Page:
LCS board meeting: What’s to come for Fall 2020
TALLAHASSEE, Fla. (WCTV) - The Leon County School Board said Tuesday afternoon the upcoming school year will be constantly changing. The board agreed to have the start of school fall on August 19. However, if coronavirus cases continue to spike, the board said it or health officials can push that date back or go completely virtual if need be.
And that is just one of the many things that are changing.
The almost four hour meeting included a debate on the calendar year, which raised the question, ‘Do teachers want to return?' and discussed how the public really feels about what the school year will look like with only a month until it begins.
About an hour into the meeting, tensions started to rise. After 137 public comments were submitted, each a page or longer, there was debate over whether or not they should be read.
Dee Dee Rasmussen, a member of the board, shares that to read all of the comments out loud, would take close to 3 hours. While the board decided to not read the comments and take time from the meeting, she said, “We don’t want you to feel like your comment is not important.”
Superintendent Rocky Hanna followed up by saying, “We hear you...I don’t want to put my family in harms way and we are caught in a horrible position, but I believe though we will get it right...and we are going to do the very best we can to protect our students and families.”
Of those who submitted comments, only 10 wanted to return, 7 did not have an opinion, and the remainder all wanted digital learning. The Leon County Teachers Association created its own survey. It had roughly 500 of members weigh in, with the majority saying they do not feel comfortable teaching on site.
And that is when the debate heightened. The board wanted to hear from all teachers, not just the union, and asked that the superintendent create a survey for all 2,300 teachers in the district. However, Superintendent Rocky Hanna wanted to put it on the principals to gather the data.
Hanna shares, “LCTA had a seat on the task force and I didn’t hear one time where their representative said many many members of ours don’t feel good.”
Rasmussen responded, “What they might have said three weeks ago might be different today...we have to ask them we have to know what the workforce might look like.”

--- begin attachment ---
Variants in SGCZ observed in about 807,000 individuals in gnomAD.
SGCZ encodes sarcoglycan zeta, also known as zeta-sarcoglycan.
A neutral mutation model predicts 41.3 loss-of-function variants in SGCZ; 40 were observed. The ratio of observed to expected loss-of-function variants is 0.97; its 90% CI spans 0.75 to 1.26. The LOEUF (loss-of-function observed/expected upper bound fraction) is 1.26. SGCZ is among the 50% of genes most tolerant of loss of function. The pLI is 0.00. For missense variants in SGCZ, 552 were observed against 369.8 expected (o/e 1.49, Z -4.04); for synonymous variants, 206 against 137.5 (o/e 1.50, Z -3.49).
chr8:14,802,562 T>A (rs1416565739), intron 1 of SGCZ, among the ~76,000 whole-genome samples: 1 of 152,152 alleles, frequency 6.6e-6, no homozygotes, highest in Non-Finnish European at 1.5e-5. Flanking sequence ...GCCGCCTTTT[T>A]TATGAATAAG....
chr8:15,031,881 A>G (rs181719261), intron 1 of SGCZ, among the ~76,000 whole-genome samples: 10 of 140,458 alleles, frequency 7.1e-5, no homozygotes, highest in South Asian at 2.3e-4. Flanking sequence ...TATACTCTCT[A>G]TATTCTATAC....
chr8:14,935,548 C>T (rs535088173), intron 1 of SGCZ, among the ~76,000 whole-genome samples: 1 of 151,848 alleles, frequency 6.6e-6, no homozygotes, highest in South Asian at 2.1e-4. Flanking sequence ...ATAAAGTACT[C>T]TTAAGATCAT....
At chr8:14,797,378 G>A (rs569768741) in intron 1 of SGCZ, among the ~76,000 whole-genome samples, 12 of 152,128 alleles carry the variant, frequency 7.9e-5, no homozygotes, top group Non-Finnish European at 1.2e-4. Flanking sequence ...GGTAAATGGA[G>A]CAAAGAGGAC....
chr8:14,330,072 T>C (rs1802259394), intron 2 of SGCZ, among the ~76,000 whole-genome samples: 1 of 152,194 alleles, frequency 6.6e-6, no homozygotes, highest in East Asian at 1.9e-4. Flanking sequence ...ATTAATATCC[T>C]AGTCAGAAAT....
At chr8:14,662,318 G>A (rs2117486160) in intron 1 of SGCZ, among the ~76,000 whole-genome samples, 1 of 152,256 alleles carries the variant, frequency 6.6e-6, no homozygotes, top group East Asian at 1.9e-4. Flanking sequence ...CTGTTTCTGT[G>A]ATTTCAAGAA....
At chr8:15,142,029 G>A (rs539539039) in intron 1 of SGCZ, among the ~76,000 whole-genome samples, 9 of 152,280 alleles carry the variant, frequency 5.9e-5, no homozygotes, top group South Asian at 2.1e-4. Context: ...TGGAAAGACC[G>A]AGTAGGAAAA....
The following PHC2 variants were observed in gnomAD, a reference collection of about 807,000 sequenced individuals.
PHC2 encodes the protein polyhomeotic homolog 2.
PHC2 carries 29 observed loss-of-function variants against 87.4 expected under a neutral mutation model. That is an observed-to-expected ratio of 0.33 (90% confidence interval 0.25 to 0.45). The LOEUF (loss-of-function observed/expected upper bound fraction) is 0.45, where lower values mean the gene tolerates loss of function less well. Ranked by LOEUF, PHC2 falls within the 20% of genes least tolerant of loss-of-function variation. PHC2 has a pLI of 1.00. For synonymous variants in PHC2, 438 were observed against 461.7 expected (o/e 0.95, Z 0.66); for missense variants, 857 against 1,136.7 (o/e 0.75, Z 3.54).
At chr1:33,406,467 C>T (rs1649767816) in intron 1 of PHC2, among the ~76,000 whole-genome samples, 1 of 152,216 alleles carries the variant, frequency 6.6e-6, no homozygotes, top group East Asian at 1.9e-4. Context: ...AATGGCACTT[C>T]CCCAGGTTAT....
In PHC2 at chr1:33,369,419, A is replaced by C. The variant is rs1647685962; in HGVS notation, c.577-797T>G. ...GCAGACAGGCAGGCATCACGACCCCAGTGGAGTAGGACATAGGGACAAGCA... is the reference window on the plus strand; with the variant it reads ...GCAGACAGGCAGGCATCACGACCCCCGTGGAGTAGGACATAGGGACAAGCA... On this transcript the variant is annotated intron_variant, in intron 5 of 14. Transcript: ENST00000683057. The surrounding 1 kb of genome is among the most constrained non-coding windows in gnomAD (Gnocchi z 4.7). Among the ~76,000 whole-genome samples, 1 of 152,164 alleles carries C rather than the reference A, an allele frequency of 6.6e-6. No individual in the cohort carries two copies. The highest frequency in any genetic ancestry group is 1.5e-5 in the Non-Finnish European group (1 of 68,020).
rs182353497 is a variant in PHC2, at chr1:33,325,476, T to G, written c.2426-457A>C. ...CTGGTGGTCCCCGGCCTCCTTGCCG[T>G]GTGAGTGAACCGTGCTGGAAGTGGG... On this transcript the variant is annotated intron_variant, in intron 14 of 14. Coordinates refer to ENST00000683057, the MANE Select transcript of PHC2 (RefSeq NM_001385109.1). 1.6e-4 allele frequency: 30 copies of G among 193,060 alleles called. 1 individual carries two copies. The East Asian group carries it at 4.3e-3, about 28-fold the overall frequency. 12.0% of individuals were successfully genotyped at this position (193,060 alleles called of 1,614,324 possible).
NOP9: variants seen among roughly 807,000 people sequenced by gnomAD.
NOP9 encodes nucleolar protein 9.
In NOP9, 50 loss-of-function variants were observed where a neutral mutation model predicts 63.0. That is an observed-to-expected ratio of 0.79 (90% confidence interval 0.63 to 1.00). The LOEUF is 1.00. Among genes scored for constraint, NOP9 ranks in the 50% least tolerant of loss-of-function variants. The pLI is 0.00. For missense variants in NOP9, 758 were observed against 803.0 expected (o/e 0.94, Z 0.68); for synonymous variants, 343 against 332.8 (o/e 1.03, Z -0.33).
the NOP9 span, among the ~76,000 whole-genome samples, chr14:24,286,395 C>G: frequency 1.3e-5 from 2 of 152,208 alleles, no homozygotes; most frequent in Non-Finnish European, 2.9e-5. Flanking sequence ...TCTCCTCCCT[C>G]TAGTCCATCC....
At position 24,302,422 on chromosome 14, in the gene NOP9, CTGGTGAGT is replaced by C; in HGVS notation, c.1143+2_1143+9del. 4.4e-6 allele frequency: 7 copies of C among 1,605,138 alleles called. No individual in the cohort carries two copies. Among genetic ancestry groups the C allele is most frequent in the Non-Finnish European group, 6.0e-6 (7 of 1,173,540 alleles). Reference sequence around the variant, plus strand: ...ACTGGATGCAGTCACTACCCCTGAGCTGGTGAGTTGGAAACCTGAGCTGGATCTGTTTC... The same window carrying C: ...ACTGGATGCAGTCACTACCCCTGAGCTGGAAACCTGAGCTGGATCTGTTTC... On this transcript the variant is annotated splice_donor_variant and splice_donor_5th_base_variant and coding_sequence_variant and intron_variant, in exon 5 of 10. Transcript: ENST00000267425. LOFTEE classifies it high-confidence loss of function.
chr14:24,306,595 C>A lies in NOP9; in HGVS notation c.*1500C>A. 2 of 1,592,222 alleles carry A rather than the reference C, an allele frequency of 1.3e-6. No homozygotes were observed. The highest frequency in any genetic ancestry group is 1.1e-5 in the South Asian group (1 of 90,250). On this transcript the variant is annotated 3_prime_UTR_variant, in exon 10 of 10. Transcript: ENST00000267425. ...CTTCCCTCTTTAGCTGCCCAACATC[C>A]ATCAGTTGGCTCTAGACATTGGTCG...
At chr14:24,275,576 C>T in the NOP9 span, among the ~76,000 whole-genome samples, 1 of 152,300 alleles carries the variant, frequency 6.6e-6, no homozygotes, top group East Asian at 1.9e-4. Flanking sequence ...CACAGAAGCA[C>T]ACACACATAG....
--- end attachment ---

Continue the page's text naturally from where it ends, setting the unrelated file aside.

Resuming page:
That is when Deanna McAllister, who represented teachers at the meeting, chimed in.
“The dialogue that we shared is not we do not want to return, but we are nervous, how are you going to make us feel more comfortable?” McAllister said. “What happens if we are sent home?”
The superintendent agreed to create a teachers survey, which will be sent to all teachers in the district. He then reviewed results from parents. More than 23,000 sent in their intentions. 60% want their child to return to the classroom, while 40% want to remain online.
Of the roughly 9,000 who want to do digital academy, around 200 said they need help with internet connectivity.
In Title 1 schools, the breakdown is 50-50. In Non-Title 1 schools, the majority of students and families want to return to the classroom.
The board agreed that things like the school calendar, which is now set to be 178 days, is in flux. Rosanne Woods, Chair of the Board, said they are all working to keep schools open and make their staff and students feel safe.
“I think every teacher wants to come back and teach and every student, just about wants to come back and learn,” Woods said. “What we have to focus on as a board and as a school system is what is going to be a safe environment for people to learn and go to school in.”
Chromebooks are expected to arrive in early August. So far, according to the board, 25 LCS employees and student athletes have tested positive for COVID-19.
Superintendent Hanna said he will be conducting a Facebook Live on Wednesday to read all 137 public comments that could not be read aloud at Tuesday’s board meeting.
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